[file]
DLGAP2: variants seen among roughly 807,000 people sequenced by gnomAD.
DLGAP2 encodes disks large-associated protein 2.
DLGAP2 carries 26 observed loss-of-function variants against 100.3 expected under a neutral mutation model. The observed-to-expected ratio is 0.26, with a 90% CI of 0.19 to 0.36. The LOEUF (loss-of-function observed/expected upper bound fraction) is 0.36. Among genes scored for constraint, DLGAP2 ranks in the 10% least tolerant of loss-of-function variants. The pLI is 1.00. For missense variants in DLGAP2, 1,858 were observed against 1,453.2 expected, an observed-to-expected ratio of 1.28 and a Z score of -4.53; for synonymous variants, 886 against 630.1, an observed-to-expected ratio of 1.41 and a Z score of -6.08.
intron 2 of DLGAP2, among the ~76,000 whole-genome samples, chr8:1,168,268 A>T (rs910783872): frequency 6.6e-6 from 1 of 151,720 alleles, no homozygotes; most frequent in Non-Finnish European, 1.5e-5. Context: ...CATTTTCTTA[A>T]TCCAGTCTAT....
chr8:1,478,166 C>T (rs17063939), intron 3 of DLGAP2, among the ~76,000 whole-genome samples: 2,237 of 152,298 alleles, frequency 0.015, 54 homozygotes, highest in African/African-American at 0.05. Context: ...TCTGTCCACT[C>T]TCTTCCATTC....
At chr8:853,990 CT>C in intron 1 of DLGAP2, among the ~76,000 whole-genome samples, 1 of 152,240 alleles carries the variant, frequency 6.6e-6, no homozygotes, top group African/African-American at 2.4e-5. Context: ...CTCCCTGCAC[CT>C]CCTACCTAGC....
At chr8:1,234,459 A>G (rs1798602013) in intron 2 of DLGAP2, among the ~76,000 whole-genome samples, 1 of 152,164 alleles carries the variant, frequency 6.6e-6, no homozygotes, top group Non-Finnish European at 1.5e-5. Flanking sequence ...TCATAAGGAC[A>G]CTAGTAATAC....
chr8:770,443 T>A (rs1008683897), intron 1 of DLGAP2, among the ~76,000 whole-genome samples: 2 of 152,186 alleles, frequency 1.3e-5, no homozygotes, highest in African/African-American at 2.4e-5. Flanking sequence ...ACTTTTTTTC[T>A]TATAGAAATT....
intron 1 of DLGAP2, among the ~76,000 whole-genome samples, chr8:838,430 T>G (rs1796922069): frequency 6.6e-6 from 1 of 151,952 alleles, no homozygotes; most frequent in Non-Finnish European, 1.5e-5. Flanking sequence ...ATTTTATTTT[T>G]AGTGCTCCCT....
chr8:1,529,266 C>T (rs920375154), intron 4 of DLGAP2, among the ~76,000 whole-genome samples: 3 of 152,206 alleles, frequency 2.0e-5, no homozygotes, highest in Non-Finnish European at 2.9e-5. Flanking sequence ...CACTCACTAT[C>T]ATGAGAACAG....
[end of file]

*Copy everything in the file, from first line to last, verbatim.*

DLGAP2: variants seen among roughly 807,000 people sequenced by gnomAD.
DLGAP2 encodes disks large-associated protein 2.
DLGAP2 carries 26 observed loss-of-function variants against 100.3 expected under a neutral mutation model. The observed-to-expected ratio is 0.26, with a 90% CI of 0.19 to 0.36. The LOEUF (loss-of-function observed/expected upper bound fraction) is 0.36. Among genes scored for constraint, DLGAP2 ranks in the 10% least tolerant of loss-of-function variants. The pLI is 1.00. For missense variants in DLGAP2, 1,858 were observed against 1,453.2 expected, an observed-to-expected ratio of 1.28 and a Z score of -4.53; for synonymous variants, 886 against 630.1, an observed-to-expected ratio of 1.41 and a Z score of -6.08.
intron 2 of DLGAP2, among the ~76,000 whole-genome samples, chr8:1,168,268 A>T (rs910783872): frequency 6.6e-6 from 1 of 151,720 alleles, no homozygotes; most frequent in Non-Finnish European, 1.5e-5. Context: ...CATTTTCTTA[A>T]TCCAGTCTAT....
chr8:1,478,166 C>T (rs17063939), intron 3 of DLGAP2, among the ~76,000 whole-genome samples: 2,237 of 152,298 alleles, frequency 0.015, 54 homozygotes, highest in African/African-American at 0.05. Context: ...TCTGTCCACT[C>T]TCTTCCATTC....
At chr8:853,990 CT>C in intron 1 of DLGAP2, among the ~76,000 whole-genome samples, 1 of 152,240 alleles carries the variant, frequency 6.6e-6, no homozygotes, top group African/African-American at 2.4e-5. Context: ...CTCCCTGCAC[CT>C]CCTACCTAGC....
At chr8:1,234,459 A>G (rs1798602013) in intron 2 of DLGAP2, among the ~76,000 whole-genome samples, 1 of 152,164 alleles carries the variant, frequency 6.6e-6, no homozygotes, top group Non-Finnish European at 1.5e-5. Flanking sequence ...TCATAAGGAC[A>G]CTAGTAATAC....
chr8:770,443 T>A (rs1008683897), intron 1 of DLGAP2, among the ~76,000 whole-genome samples: 2 of 152,186 alleles, frequency 1.3e-5, no homozygotes, highest in African/African-American at 2.4e-5. Flanking sequence ...ACTTTTTTTC[T>A]TATAGAAATT....
intron 1 of DLGAP2, among the ~76,000 whole-genome samples, chr8:838,430 T>G (rs1796922069): frequency 6.6e-6 from 1 of 151,952 alleles, no homozygotes; most frequent in Non-Finnish European, 1.5e-5. Flanking sequence ...ATTTTATTTT[T>G]AGTGCTCCCT....
chr8:1,529,266 C>T (rs920375154), intron 4 of DLGAP2, among the ~76,000 whole-genome samples: 3 of 152,206 alleles, frequency 2.0e-5, no homozygotes, highest in Non-Finnish European at 2.9e-5. Flanking sequence ...CACTCACTAT[C>T]ATGAGAACAG....